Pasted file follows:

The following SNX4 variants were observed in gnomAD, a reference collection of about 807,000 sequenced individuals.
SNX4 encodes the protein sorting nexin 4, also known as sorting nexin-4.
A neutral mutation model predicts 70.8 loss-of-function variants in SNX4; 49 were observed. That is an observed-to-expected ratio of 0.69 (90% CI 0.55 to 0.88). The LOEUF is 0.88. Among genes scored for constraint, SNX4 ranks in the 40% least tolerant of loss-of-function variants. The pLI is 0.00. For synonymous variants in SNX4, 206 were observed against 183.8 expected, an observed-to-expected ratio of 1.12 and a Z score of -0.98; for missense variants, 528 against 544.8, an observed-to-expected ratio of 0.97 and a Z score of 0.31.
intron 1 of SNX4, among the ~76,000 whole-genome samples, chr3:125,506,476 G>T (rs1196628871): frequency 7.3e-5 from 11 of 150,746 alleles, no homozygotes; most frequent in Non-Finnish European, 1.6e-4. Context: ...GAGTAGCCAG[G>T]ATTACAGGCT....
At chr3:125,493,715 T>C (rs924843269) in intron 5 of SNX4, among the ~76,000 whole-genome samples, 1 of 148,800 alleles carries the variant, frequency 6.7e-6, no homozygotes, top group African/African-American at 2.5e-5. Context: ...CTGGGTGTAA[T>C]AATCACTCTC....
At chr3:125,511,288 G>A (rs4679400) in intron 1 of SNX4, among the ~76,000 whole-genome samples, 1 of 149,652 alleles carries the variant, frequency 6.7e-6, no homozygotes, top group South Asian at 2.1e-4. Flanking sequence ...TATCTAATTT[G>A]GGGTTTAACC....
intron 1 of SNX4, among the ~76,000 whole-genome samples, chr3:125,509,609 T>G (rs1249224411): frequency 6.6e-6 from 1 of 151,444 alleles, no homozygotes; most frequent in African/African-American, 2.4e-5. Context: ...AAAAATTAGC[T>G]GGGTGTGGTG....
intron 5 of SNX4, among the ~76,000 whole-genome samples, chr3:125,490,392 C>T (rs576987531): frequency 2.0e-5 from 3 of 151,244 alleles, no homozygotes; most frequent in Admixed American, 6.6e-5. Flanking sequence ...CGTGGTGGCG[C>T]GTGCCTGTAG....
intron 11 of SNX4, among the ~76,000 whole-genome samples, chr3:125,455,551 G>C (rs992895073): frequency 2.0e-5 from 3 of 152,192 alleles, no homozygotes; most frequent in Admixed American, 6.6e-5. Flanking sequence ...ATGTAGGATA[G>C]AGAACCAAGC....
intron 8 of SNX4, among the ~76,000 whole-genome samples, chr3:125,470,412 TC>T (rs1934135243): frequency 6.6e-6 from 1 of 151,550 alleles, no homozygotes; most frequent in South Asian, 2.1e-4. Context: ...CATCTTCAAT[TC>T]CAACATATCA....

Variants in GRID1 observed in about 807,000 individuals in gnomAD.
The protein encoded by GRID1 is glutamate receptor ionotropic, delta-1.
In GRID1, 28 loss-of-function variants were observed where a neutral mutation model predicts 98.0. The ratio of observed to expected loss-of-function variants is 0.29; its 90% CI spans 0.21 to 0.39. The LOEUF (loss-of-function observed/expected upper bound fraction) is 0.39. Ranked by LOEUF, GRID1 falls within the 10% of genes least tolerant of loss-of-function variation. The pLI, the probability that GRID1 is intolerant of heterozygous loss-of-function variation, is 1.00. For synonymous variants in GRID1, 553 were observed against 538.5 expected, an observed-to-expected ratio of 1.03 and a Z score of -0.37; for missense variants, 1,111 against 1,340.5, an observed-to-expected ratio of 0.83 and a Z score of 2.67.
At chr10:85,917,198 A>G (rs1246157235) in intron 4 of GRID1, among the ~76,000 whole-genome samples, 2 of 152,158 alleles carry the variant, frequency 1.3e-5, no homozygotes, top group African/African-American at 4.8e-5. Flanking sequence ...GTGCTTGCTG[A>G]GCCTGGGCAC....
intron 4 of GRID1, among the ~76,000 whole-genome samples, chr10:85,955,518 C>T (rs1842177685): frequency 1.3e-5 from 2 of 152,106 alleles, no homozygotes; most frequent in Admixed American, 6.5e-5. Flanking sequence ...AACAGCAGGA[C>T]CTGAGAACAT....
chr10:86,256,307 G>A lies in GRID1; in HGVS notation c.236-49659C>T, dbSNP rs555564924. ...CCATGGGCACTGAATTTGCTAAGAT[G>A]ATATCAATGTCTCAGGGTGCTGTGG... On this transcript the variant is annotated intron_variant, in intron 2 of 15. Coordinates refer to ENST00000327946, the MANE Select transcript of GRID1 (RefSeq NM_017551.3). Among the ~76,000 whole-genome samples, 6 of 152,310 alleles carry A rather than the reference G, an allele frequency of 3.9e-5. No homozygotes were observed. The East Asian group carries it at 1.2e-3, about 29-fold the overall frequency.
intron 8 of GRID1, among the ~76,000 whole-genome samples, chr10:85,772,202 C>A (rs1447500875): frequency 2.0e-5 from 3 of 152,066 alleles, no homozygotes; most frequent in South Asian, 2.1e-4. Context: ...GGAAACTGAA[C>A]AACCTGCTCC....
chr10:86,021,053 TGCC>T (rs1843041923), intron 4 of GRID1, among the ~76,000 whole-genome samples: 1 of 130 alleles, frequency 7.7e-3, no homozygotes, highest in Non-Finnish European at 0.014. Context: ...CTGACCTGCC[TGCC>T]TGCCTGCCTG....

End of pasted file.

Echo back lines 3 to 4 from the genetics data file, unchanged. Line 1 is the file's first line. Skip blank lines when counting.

A neutral mutation model predicts 70.8 loss-of-function variants in SNX4; 49 were observed. That is an observed-to-expected ratio of 0.69 (90% CI 0.55 to 0.88). The LOEUF is 0.88. Among genes scored for constraint, SNX4 ranks in the 40% least tolerant of loss-of-function variants. The pLI is 0.00. For synonymous variants in SNX4, 206 were observed against 183.8 expected, an observed-to-expected ratio of 1.12 and a Z score of -0.98; for missense variants, 528 against 544.8, an observed-to-expected ratio of 0.97 and a Z score of 0.31.
intron 1 of SNX4, among the ~76,000 whole-genome samples, chr3:125,506,476 G>T (rs1196628871): frequency 7.3e-5 from 11 of 150,746 alleles, no homozygotes; most frequent in Non-Finnish European, 1.6e-4. Context: ...GAGTAGCCAG[G>T]ATTACAGGCT....